The themes in the survey include skills obtained in education and training, attitudes towards various aspects of education and training, studying abroad, documentation of skills and qualifications and flexible learning pathways, career guidance an the extent to which citizens seek for information on these issues.

Regarding the skills obtained, most view basic skills as most important, with some socio-demographic differences – the higher the level of education, the more likely people are to value specialized skills. Younger people are also likely to view foreign languages as more important, but this is also most widely considered a skill that can be obtained outside of formal education. Furthermore, the better educated people are, the more likely they are to think that languages can be learned outside of formal education. Workplace was considered by most as the arena to obtain skills outside of formal education. (more…)

Call for proposals to study impact of OERs in Asia and Sub-Saharan Africa

OERimpactThe Canadian and United Kingdom supported Research on Open Educational Resources. The programme is implemented by two universities. The University of Cape Town administers the component focusing research on OER adoption and use and the Wawasan Open University at Penang, Malaysia, administers the component on OER impact studies.

The aim of the current call is: The programme supports researchers in the Global South to conduct research on the adoption and use of OER and encourages researchers world-wide to investigate the impact of OER on education and training in the developing world.

The aim of this call is to study the impact of open educational resources (OER) in emerging economies. Focus is expected to be on: costs, teaching and educational practices, student performance, quality of materials and policy.

Proposals are accepted can cover all levels of education (primary to higher education as well as lifelong learning and in/non-formal learning). North-South or South-South cooperation and interdisciplinary research are particularly encouraged.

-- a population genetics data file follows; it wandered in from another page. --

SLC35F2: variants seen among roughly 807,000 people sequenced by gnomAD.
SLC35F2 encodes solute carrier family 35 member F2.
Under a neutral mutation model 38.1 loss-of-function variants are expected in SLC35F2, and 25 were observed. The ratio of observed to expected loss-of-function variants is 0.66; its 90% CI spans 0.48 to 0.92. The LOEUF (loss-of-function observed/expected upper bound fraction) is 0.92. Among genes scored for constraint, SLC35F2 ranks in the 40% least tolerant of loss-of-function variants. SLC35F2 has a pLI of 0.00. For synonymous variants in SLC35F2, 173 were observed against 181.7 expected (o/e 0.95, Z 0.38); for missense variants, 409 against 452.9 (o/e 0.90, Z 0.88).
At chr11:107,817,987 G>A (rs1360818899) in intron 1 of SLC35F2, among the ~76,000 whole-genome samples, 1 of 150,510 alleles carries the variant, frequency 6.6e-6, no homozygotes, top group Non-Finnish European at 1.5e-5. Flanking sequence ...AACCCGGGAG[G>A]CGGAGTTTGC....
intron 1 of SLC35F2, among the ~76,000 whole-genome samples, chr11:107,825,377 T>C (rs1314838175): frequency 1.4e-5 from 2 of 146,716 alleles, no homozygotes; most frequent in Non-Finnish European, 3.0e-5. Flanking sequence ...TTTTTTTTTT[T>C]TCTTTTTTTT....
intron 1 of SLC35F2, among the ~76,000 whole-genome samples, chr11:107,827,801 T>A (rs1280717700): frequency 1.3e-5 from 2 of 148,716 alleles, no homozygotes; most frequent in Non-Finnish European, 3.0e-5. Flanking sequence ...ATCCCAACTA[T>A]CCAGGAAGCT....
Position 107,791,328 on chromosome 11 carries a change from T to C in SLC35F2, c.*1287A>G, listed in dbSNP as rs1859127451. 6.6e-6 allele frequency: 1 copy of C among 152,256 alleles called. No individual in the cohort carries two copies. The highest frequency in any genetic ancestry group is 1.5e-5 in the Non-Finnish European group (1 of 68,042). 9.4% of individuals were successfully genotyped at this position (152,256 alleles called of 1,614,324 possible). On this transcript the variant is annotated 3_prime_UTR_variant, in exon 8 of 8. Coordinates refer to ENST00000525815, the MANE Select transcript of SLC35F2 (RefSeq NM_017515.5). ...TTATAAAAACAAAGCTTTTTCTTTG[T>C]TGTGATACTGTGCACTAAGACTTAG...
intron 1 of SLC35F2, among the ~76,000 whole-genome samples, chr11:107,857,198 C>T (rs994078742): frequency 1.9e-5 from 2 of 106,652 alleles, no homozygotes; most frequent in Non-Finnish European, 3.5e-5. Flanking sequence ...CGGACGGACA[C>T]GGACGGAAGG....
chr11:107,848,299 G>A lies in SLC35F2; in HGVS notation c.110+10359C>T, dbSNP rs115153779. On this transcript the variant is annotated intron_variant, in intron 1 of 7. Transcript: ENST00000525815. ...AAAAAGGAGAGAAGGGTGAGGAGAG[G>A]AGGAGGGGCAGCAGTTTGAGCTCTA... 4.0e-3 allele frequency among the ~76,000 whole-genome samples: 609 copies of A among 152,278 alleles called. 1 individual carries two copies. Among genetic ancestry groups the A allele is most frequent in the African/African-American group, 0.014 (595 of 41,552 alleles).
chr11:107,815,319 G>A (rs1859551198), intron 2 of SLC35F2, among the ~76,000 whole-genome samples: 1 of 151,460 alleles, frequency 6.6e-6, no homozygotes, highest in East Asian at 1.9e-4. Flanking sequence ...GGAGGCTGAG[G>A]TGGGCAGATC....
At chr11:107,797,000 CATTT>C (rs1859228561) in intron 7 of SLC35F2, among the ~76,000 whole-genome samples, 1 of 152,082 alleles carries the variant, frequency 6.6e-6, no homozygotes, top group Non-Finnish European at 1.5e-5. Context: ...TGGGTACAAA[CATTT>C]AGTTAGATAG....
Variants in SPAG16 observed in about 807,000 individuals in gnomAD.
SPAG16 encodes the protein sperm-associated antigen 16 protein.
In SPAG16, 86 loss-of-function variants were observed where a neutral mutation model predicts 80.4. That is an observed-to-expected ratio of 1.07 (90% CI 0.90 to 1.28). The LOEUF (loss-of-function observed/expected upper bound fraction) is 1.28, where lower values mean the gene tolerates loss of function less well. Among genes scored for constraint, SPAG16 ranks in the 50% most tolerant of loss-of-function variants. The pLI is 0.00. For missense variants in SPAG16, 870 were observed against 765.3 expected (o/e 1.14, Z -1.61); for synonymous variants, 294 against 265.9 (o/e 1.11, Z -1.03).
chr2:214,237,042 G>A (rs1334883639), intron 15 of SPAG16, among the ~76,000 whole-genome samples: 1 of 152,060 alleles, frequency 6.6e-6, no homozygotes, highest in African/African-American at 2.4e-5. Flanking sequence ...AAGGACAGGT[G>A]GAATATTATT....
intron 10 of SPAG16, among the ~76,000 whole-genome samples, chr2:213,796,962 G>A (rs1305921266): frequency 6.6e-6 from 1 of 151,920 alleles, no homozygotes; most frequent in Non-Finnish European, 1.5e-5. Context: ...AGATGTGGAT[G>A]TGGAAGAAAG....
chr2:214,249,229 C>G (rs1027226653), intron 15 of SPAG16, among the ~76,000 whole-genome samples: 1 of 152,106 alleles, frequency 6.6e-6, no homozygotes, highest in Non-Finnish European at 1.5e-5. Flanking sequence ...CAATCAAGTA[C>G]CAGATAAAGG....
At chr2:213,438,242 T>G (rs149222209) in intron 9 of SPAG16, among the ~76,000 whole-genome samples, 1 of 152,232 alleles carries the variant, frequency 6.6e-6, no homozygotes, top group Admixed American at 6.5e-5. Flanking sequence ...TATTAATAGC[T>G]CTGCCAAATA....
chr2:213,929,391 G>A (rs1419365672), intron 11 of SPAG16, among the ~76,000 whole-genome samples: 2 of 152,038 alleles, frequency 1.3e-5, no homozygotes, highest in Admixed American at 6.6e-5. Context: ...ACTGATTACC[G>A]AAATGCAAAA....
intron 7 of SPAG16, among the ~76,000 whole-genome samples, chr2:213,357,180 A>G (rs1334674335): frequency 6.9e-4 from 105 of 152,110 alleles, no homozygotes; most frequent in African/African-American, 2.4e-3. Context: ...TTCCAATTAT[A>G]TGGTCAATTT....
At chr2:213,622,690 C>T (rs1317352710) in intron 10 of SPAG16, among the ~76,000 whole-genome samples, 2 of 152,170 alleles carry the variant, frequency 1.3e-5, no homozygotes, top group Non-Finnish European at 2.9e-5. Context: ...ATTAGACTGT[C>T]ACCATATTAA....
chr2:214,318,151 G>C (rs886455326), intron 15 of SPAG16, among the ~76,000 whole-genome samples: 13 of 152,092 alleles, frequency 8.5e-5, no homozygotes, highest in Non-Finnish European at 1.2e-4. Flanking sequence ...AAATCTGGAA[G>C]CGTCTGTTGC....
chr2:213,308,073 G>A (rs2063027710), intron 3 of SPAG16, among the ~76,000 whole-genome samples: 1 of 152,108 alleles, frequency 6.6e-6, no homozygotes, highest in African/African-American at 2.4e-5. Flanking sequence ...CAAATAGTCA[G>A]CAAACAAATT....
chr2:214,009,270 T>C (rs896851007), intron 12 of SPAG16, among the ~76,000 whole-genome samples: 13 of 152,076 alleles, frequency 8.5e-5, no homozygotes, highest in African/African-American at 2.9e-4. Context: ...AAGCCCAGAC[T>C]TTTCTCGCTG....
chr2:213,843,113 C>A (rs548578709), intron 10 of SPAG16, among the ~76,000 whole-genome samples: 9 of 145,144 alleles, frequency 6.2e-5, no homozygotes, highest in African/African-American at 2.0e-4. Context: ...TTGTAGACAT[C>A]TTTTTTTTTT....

Projects are funded up to 18 months and have to start no later than 01 January 2015.

Deadline for proposals: 31 August 2014. 

More information on application can be found on OER-impact website



Guest blogger: Where have all the scientists gone? Building research profiles at Dutch universities and its consequences for research

Grit Laudel  (TU Berlin)

Grit Laudel
(TU Berlin)

This guest entry is written by Grit Laudel (TU Berlin) and Elke Weyer (German Council of Science and Humanities). In their guest entry they examine how research profiles were built at Dutch universities, and analyse the impact of profile-building for both universities and scientific fields and the potential consequences of these developments for national science systems as a whole. 

This entry is based on the book chapter with the same title in: Richard Whitley & Jochen Gläser (eds.). Organisational Transformation and Scientific Change: The Impact of Institutional Restructuring on Universities and Intellectual Innovation.

The book is Vol.42 in the series of “Research in the Sociology of Organizations“.

Elke Weyer

Elke Weyer
(German Council of Science and Humanities)

New Public Management reforms in many countries include enhanced opportunities for universities to build research profiles and pressure by the government to do so. Building research profiles usually means the concentration of resources on fewer topics than before. Despite their prevalence in many higher education systems, these processes have found little attention in higher education research, and their effects are poorly understood. At the same time, concerns have been raised that profile-building might threaten the diversity of research and make some fields disappear from the national research landscape.

Our empirical study of profile-building at Dutch universities looked at micro-level processes of profile-building and their possible nation-level effects. The Netherlands provide an excellent laboratory for such analysis due to advanced New Public Management reforms and the relatively small size of the country, which makes national fields very sensitive to decisions at individual universities. (more…)